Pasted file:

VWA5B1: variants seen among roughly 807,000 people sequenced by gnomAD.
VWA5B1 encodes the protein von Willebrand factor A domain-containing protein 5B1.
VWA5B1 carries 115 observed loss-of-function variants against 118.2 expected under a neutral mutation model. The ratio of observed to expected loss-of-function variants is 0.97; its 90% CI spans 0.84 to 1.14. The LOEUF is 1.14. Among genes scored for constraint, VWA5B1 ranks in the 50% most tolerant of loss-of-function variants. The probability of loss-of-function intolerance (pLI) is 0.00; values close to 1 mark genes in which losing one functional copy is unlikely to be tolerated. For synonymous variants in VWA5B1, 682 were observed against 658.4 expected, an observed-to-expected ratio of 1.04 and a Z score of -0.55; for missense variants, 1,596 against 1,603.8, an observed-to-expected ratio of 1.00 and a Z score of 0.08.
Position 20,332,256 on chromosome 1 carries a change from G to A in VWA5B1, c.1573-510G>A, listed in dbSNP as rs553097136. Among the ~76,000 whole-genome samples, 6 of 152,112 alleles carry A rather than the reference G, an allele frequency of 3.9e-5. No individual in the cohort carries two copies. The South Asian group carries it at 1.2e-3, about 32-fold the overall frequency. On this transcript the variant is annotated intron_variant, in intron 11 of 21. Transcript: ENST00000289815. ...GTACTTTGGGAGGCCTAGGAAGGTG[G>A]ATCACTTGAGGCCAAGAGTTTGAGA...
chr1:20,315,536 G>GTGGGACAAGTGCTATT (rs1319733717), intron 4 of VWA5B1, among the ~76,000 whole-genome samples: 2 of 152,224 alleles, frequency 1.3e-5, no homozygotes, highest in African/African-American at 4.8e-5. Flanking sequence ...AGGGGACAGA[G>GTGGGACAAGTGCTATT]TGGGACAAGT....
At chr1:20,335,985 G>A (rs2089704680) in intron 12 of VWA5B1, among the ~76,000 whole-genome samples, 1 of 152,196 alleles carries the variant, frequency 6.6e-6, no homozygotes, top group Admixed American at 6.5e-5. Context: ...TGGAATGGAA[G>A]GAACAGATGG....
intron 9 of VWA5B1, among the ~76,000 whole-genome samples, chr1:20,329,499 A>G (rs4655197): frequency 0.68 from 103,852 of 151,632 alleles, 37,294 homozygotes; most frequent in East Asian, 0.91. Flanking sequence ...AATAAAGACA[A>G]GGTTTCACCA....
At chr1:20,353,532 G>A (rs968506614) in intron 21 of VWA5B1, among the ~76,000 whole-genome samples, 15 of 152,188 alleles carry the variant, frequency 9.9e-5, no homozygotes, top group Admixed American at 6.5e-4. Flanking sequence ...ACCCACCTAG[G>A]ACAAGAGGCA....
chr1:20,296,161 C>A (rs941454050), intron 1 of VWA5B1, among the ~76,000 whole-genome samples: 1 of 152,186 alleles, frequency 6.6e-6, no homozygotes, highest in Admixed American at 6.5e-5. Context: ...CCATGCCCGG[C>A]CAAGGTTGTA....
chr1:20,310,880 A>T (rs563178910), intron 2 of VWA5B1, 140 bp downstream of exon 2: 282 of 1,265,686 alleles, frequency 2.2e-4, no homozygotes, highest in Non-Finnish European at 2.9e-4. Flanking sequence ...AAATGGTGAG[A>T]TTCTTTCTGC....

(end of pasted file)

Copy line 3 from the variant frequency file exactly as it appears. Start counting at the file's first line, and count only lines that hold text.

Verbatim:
VWA5B1 carries 115 observed loss-of-function variants against 118.2 expected under a neutral mutation model. The ratio of observed to expected loss-of-function variants is 0.97; its 90% CI spans 0.84 to 1.14. The LOEUF is 1.14. Among genes scored for constraint, VWA5B1 ranks in the 50% most tolerant of loss-of-function variants. The probability of loss-of-function intolerance (pLI) is 0.00; values close to 1 mark genes in which losing one functional copy is unlikely to be tolerated. For synonymous variants in VWA5B1, 682 were observed against 658.4 expected, an observed-to-expected ratio of 1.04 and a Z score of -0.55; for missense variants, 1,596 against 1,603.8, an observed-to-expected ratio of 1.00 and a Z score of 0.08.